COBALT MIRAGE Conducts Ransomware Operations in U.S.

Published: May 12, 2022

Background:

Secureworks researchers describe campaigns by Iran-sponsored group Cobalt Mirage. These actors are likely part of a larger group, Charming Kitten (Phosphorus, APT35, Cobalt Illusion). In 2022, Cobalt Mirage deployed BitLocker ransomware on a US charity systems, and exfiltrated data from a US local government network. Their ransomware operations appear to be a low-scale, hands-on approach with rare tactics such as sending a ransom note to a local printer. The group utilized its own custom binaries including a Fast Reverse Proxy client (FRPC) written in Go. It also relied on mass scanning for known vulnerabilities (ProxyShell, Log4Shell) and using commodity tools for encryption, internal scanning, and lateral movement.

Takeaway:

However small your government or NGO organization is, it still needs protection from advanced cyber actors. Keep your system updated, and employ mitigation strategies when updates for critical vulnerabilities are not available.

SYK Crypter Distributing Malware Families Via Discord

Published: May 12, 2022

Background:

Morphisec researchers discovered a new campaign abusing popular messaging platform Discord content distribution network (CDN). If a targeted user activates the phishing attachment, it starts the DNetLoader malware that reaches out to the hardcoded Discord CDN link and downloads a next stage crypter such as newly-discovered SYK crypter.

SYK crypter is being loaded into memory where it decrypts its configuration and the next stage payload using hardcoded keys and various encryption methods. It detects and impairs antivirus solutions and checks for debugging environment, achieves persistence through startup folder, and runs the payload using process hollowing technique. For final payloads the actors used the RedLine stealer and various remote access trojans: AsyncRAT, NanoCore RAT, njRAT, QuasarRAT, and WarzoneRAT.

Takeaway:

As threat actors increasingly abuse popular cloud services, it is not always feasible to block all their staging domains. Organizations need to implement layered defenses starting from phishing awareness and finishing with network segmentation.

Bitter APT Adds Bangladesh to Their Targets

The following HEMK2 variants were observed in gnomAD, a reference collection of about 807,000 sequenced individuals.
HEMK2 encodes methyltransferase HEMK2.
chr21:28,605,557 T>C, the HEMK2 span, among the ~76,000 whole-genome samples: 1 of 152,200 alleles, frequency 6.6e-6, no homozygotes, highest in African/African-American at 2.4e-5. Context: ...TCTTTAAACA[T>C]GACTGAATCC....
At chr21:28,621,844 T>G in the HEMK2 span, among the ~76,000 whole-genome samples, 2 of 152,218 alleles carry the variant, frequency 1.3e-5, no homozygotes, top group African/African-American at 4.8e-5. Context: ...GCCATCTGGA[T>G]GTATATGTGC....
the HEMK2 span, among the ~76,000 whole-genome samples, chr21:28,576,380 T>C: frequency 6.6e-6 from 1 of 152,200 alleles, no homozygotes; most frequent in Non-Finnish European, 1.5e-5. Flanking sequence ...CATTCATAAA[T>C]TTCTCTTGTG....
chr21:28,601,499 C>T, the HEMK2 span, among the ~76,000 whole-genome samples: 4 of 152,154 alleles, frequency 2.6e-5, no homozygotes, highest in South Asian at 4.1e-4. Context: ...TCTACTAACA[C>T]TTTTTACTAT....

Published: May 11, 2022

Background:

Bitter (T-APT-17), is a group suspected of being sponsored by the Indian government. Since 2013, Bitter targeted China, Pakistan, and Saudi Arabia. From August 2021 to at least February 2022, their new cyberespionage campaign targeted the government of Bangladesh with spearphishing emails impersonating Pakistani officials.

Upon a user opening the attached maldoc, the Equation Editor application is launched to run the embedded objects with shellcode to exploit known Microsoft Office vulnerabilities. It allows the attackers to download and execute their custom Trojan-downloader that Cisco Talos researchers called ZxxZ for the string common in its command-and-control (C2) communication.

Takeaway:

The impersonation of government agencies continues to be an effective spearphishing tactic. All users should be informed of the threat phishing poses, and how to safely make use of email. Email attachments should be treated as untrusted regardless of the sender’s credibility. Detection and prevention measures should be taken to ensure that users do not fall victim to phishing.

Nerbian RAT Using COVID-19 Themes Features Sophisticated Evasion Techniques

Published: May 11, 2022

Background:

Proofpoint researchers describe Nerbian RAT, a new malware written in the Go programming language. It was spreading via malicious email campaigns using COVID-19 lures impersonating the World Health Organization (WHO). Nerbian reuses multiple open-source libraries, it reaches out to Github code of Chacal, a Golang anti-virtual-machine framework designed to make debugging and reverse engineering more difficult.

It stops if the size of the hard disk is too small or certain functions take too long to execute, and if it detects certain MAC addresses, processes, and strings in the disk name. Nerbian RAT has additional checks not provided by Chacal that query network interface names and if the executable is being debugged.

Takeaway:

Defenders should monitor for strings referring to offensive GitHub repositories such as Chacal. Many advanced attacks start with basic techniques such as unwarranted email with malicious attachment that requires the user to open it and enable macroses. It is important to teach your users basic online hygiene and phishing awareness.

Info-Stealer Campaign Targets German Car Dealerships and Manufacturers

Published: May 10, 2022

Background:

Checkpoint researchers discovered a years-long phishing campaign that targeted German companies in the automotive industry. In February 2021, the actor behind this campaign started registering typosquatted domains. From July 2021 to mid-March 2022, phishing emails were sent enticing users to open attached ISO files and then the dropped .HTA (HTML Applications) file. The final payload was one of the various MaaS (Malware as a Service) info-stealers: AZORult, BitRAT, or Raccoon.

Takeaway:

Employees should be trained to report suspicious emails to IT.

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APT34 Targets Jordan Government Using New Saitama Backdoor 

Published: May 10, 2022

Background:

On April 26, 2022, Iran-sponsored actor Helix Kitten (OilRig, APT34) targeted Jordan’s foreign ministry with a phishing attachment dropping a new backdoor named Saitama. The backdoor is written in .Net and communicates via DNS protocol.